Change; not even the quarter, nickel, or dime type was appreciated in our house. I don’t remember ever seeing a spare coin atop a table or amid the dross in the back hall drawer where everything that didn’t have a place ended up. No jar sequestered on a corner of a bureau collected dust and pennies. The thin dimes the tooth fairy brought, once discovered and delighted over, were promptly deposited in our sterling silver piggy banks; each with initials engraved in script. It was as if change didn’t exist. I wonder if coins in a pocket would have been eschewed if they had been called anything else.
My mother, Virginia Stuart Mackey, understood her biological duty was to nurture us children. She found the job difficult. Tall, angular, pale, and blonde, my mother spit my brother, sisters, and me out in her image, and then proceeded to whirl about our lives like an icy comet in an orbit rarely intersecting our own.
Our maid, Ethel, would puff up with pride whenever she said, “Miz Ginny done made a good-looking bunch of chil’ren.” I guess she was right. Each of us had our mother’s hair and blue eyes, although in varying shades. Not one of us had exactly the same color hair or eyes; but there was no question who our mother was. We each, in our own way, had something of her looks.
Soft and round, Ethel was the color of coffee with cream, with big freckles dotting her broad nose. Her wide set eyes were light brown, and her lips were thin. Short, just over five feet tall; she weighed well over two hundred pounds.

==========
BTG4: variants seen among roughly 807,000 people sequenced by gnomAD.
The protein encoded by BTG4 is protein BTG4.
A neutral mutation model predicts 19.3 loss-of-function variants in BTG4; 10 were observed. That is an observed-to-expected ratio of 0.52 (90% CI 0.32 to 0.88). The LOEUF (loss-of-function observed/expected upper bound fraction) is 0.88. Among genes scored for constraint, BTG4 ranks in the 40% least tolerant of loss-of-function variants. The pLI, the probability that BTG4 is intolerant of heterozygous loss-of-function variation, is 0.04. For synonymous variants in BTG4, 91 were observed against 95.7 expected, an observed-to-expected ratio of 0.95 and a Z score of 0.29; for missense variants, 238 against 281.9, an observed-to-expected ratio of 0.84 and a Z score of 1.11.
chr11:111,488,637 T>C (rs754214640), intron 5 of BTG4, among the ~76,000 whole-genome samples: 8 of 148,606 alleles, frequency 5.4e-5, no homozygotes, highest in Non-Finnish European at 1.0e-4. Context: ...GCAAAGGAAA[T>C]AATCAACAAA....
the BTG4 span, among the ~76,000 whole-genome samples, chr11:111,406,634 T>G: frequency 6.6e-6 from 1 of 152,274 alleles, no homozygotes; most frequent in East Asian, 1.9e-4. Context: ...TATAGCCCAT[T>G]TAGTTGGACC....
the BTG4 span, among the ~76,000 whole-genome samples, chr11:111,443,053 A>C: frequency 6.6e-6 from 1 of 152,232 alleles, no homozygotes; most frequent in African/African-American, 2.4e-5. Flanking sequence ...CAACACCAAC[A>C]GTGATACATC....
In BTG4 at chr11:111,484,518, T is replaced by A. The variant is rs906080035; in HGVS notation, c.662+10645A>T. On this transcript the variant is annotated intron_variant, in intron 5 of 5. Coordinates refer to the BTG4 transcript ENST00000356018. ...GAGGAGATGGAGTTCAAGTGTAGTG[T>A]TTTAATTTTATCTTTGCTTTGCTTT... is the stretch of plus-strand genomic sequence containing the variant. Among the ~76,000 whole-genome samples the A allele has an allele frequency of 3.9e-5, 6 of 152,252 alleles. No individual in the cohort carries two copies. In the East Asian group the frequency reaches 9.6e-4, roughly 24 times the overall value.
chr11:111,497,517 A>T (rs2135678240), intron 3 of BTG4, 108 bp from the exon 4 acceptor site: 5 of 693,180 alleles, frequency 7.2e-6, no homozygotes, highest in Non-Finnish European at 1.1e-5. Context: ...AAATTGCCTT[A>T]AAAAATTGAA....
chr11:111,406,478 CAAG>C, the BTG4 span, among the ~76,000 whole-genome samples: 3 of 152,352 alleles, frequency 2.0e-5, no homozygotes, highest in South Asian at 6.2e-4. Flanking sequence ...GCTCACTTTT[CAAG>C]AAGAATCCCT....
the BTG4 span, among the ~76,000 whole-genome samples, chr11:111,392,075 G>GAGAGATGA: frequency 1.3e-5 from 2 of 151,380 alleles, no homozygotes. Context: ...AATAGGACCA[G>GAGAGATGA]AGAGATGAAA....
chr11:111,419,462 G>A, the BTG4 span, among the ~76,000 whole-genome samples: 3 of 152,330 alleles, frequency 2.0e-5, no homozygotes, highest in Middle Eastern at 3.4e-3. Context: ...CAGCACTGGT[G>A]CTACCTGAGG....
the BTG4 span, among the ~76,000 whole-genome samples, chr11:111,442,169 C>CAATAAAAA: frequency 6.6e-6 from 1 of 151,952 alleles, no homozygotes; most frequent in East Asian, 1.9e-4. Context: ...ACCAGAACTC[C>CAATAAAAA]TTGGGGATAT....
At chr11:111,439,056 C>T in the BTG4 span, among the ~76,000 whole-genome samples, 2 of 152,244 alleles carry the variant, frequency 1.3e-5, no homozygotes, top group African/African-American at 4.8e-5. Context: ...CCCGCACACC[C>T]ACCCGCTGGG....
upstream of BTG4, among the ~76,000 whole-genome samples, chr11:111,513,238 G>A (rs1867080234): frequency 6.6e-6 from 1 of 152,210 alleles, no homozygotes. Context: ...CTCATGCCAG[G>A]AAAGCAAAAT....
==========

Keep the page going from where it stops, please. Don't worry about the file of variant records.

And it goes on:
I grew up thinking that Ethel and my mother were as close as any two friends could be despite the fact that it was 1957. Even to a child that seemed unbelievable considering they were so different in color, shape, and attitude. Friendship had to be next to impossible: in Virginia it was against the law for a colored person to drink from the same water fountain as a white. Yet, for as long as I could remember, thirteen hours a day, six and a half days a week, my mother and Ethel shared their lives. Well, that’s not quite true. My mother shared her life. Ethel listened and edited her own life. And despite their disparate worlds, their views were remarkably similar; their thoughts intertwined like neglected perennials in an old flower bed.
Each of us children was named for somebody else. My sister Stuart was the oldest and the prettiest; she’d just turned fourteen. She hated her name, though I don’t know if that was because it sounded like a boy’s name or because it was my mother’s maiden name. Next oldest to Stuart was my brother, Gordy, just nine at the time. Gordy was named after my mother’s brother, Gordon Stuart. Then there was me, Sallee; seven and named after Daddy’s father, Sallee. It was an unusual and unfortunate name for a man as far as I was concerned. I was happy to be a girl. Helen, at just four and a half, was the baby of the family and was named for my father’s mother who died days before Helen was born. It was lucky that Helen was a girl; I think my parents would’ve gone right ahead with the name even if the baby had been a boy. I can’t imagine a boy on earth who would have been able to tolerate Helen as a name.